Shopify's second-quarter earnings report was extremely concerning. Revenue increased by 16% year over year, going from $1.1 billion to $1.3 billion, but expenses increased much faster. Operating costs rose to $846 million from $481 million, a whopping 76% rise. The gross margin also shrank from 55% to 51%, which may be the most concerning metric. It is one thing to be unprofitable during a high-growth phase, but gross margin contraction suggests that significant profits are getting further away.

Investors have counted on Shopify's growth to justify its premium valuation. However, that narrative is floundering. The company's revenue growth is slowing to a trickle, from 41% to 22% to just 16% over the last three quarters.

Shopify has announced layoffs that may impact up to 10% of its current workforce, further damaging the growth narrative. It's tough to argue that Shopify deserves a premium valuation with pedestrian growth and evaporated profits. Yet its price-to-sales (P/S) ratio is much higher than competitors, as shown below.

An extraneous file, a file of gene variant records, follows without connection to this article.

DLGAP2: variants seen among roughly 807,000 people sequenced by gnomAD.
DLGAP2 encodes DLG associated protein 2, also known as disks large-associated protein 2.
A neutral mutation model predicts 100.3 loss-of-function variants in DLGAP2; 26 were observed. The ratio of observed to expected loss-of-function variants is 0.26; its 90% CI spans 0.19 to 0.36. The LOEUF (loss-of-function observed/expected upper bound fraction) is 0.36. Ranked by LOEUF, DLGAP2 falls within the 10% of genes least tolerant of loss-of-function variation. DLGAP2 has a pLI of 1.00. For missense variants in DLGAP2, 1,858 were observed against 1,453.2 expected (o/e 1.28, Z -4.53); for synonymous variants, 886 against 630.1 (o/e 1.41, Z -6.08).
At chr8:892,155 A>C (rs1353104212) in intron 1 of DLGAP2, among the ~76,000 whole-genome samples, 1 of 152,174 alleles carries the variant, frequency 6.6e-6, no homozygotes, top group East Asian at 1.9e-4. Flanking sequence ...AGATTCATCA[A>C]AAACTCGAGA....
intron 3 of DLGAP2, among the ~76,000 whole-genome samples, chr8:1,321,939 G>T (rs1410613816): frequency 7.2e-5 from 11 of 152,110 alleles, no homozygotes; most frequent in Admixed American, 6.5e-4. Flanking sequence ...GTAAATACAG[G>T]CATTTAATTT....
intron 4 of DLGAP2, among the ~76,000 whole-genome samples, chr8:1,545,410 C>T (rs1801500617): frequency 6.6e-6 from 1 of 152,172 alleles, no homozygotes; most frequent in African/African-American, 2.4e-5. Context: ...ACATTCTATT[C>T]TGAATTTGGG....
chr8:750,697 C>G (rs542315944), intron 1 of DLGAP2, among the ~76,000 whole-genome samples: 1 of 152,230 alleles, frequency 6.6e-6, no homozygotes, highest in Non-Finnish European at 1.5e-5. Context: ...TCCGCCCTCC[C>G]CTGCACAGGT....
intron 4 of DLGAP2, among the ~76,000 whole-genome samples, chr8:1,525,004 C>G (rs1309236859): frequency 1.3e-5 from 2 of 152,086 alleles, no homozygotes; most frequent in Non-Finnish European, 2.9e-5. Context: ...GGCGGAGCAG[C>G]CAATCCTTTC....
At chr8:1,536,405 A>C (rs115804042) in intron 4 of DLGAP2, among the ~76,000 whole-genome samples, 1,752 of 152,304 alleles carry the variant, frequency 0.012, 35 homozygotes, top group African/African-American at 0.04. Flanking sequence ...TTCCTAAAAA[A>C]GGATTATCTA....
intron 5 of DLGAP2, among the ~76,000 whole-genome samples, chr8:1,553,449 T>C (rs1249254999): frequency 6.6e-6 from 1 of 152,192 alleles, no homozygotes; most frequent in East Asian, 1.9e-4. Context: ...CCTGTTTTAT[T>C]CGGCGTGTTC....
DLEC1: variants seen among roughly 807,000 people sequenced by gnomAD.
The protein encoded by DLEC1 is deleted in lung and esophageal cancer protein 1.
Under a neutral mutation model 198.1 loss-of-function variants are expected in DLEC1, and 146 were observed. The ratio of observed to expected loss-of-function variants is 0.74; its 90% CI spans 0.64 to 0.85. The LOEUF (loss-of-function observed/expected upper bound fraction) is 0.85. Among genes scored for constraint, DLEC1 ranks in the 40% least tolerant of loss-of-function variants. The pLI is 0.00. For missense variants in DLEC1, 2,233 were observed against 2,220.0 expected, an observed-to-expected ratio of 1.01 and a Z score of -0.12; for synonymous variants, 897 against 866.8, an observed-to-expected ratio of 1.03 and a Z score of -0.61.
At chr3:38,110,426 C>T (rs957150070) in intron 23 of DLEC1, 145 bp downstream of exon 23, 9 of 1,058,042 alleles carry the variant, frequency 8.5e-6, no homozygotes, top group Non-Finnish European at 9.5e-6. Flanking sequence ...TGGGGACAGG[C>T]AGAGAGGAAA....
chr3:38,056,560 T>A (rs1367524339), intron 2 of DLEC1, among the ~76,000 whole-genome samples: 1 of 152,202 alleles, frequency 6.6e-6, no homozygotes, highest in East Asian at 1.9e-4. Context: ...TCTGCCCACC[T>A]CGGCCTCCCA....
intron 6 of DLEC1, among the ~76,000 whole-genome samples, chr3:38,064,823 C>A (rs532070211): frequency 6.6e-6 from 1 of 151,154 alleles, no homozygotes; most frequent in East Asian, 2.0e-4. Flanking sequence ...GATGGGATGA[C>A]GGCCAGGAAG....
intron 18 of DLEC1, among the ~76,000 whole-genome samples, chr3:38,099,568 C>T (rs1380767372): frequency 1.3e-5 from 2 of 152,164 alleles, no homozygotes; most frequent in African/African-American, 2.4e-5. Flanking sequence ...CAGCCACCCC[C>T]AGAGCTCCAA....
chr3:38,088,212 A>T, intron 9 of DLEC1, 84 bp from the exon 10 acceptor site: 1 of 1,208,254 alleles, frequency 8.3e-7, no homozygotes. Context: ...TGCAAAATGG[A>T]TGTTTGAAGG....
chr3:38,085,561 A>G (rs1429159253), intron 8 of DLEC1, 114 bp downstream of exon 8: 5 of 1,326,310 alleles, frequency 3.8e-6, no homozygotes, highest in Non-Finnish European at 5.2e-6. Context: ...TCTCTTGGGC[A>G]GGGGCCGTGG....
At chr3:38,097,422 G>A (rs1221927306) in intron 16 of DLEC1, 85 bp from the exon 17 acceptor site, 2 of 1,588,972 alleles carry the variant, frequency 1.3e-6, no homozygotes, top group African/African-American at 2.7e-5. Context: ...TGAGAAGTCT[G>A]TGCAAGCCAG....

The stock is down nearly 80% from its 52-week high, but that doesn't mean it can't fall further. Unless management can turn the tide quickly, the valuation will probably continue dropping and create even steeper losses for long-term investors.

A slowdown in investing is putting pressure on Robinhood

Jeff Santoro (Robinhood): No one knows for sure if the economy is in a recession or if one is coming. It's also impossible to know how long a potential recession might last. Regardless, it's worth thinking about what companies may be good investments in a recessionary environment and which may not.